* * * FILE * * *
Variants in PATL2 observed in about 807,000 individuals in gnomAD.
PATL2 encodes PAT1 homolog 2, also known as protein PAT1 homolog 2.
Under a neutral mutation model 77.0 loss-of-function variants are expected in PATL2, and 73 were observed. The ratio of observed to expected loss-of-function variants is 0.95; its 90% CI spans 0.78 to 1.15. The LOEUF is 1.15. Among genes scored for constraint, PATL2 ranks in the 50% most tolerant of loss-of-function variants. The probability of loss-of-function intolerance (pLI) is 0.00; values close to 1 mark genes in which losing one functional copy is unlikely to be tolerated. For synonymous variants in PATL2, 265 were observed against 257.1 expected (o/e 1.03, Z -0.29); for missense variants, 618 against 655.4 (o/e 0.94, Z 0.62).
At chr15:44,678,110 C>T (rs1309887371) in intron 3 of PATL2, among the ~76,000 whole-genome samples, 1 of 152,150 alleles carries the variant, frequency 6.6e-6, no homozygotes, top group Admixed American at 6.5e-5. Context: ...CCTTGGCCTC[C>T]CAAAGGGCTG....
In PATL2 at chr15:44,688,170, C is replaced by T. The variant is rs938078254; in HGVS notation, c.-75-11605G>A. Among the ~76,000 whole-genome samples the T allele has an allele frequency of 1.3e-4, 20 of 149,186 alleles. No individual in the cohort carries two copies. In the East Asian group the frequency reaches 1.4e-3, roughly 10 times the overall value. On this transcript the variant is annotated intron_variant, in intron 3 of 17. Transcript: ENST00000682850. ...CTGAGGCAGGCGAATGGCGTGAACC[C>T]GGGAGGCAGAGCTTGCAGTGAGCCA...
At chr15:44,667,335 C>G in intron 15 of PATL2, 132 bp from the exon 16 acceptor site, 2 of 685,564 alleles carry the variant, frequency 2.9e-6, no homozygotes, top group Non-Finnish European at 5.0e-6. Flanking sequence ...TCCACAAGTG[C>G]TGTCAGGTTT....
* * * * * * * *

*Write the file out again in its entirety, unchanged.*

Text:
Variants in PATL2 observed in about 807,000 individuals in gnomAD.
PATL2 encodes PAT1 homolog 2, also known as protein PAT1 homolog 2.
Under a neutral mutation model 77.0 loss-of-function variants are expected in PATL2, and 73 were observed. The ratio of observed to expected loss-of-function variants is 0.95; its 90% CI spans 0.78 to 1.15. The LOEUF is 1.15. Among genes scored for constraint, PATL2 ranks in the 50% most tolerant of loss-of-function variants. The probability of loss-of-function intolerance (pLI) is 0.00; values close to 1 mark genes in which losing one functional copy is unlikely to be tolerated. For synonymous variants in PATL2, 265 were observed against 257.1 expected (o/e 1.03, Z -0.29); for missense variants, 618 against 655.4 (o/e 0.94, Z 0.62).
At chr15:44,678,110 C>T (rs1309887371) in intron 3 of PATL2, among the ~76,000 whole-genome samples, 1 of 152,150 alleles carries the variant, frequency 6.6e-6, no homozygotes, top group Admixed American at 6.5e-5. Context: ...CCTTGGCCTC[C>T]CAAAGGGCTG....
In PATL2 at chr15:44,688,170, C is replaced by T. The variant is rs938078254; in HGVS notation, c.-75-11605G>A. Among the ~76,000 whole-genome samples the T allele has an allele frequency of 1.3e-4, 20 of 149,186 alleles. No individual in the cohort carries two copies. In the East Asian group the frequency reaches 1.4e-3, roughly 10 times the overall value. On this transcript the variant is annotated intron_variant, in intron 3 of 17. Transcript: ENST00000682850. ...CTGAGGCAGGCGAATGGCGTGAACC[C>T]GGGAGGCAGAGCTTGCAGTGAGCCA...
At chr15:44,667,335 C>G in intron 15 of PATL2, 132 bp from the exon 16 acceptor site, 2 of 685,564 alleles carry the variant, frequency 2.9e-6, no homozygotes, top group Non-Finnish European at 5.0e-6. Flanking sequence ...TCCACAAGTG[C>G]TGTCAGGTTT....